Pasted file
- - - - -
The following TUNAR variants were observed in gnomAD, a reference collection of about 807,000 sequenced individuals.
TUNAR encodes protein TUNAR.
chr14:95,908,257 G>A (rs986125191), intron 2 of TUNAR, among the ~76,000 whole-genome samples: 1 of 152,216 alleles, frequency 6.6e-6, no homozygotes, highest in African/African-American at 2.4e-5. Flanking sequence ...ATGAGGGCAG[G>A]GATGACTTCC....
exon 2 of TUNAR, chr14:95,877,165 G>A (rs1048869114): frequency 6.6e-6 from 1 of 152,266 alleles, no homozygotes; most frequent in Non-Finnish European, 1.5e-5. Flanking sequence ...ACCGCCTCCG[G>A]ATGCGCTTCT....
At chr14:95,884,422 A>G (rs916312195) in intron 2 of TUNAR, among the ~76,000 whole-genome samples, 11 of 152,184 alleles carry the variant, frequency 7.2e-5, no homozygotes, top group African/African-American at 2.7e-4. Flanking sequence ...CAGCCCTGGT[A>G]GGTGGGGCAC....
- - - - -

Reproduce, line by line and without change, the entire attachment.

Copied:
The following TUNAR variants were observed in gnomAD, a reference collection of about 807,000 sequenced individuals.
TUNAR encodes protein TUNAR.
chr14:95,908,257 G>A (rs986125191), intron 2 of TUNAR, among the ~76,000 whole-genome samples: 1 of 152,216 alleles, frequency 6.6e-6, no homozygotes, highest in African/African-American at 2.4e-5. Flanking sequence ...ATGAGGGCAG[G>A]GATGACTTCC....
exon 2 of TUNAR, chr14:95,877,165 G>A (rs1048869114): frequency 6.6e-6 from 1 of 152,266 alleles, no homozygotes; most frequent in Non-Finnish European, 1.5e-5. Flanking sequence ...ACCGCCTCCG[G>A]ATGCGCTTCT....
At chr14:95,884,422 A>G (rs916312195) in intron 2 of TUNAR, among the ~76,000 whole-genome samples, 11 of 152,184 alleles carry the variant, frequency 7.2e-5, no homozygotes, top group African/African-American at 2.7e-4. Flanking sequence ...CAGCCCTGGT[A>G]GGTGGGGCAC....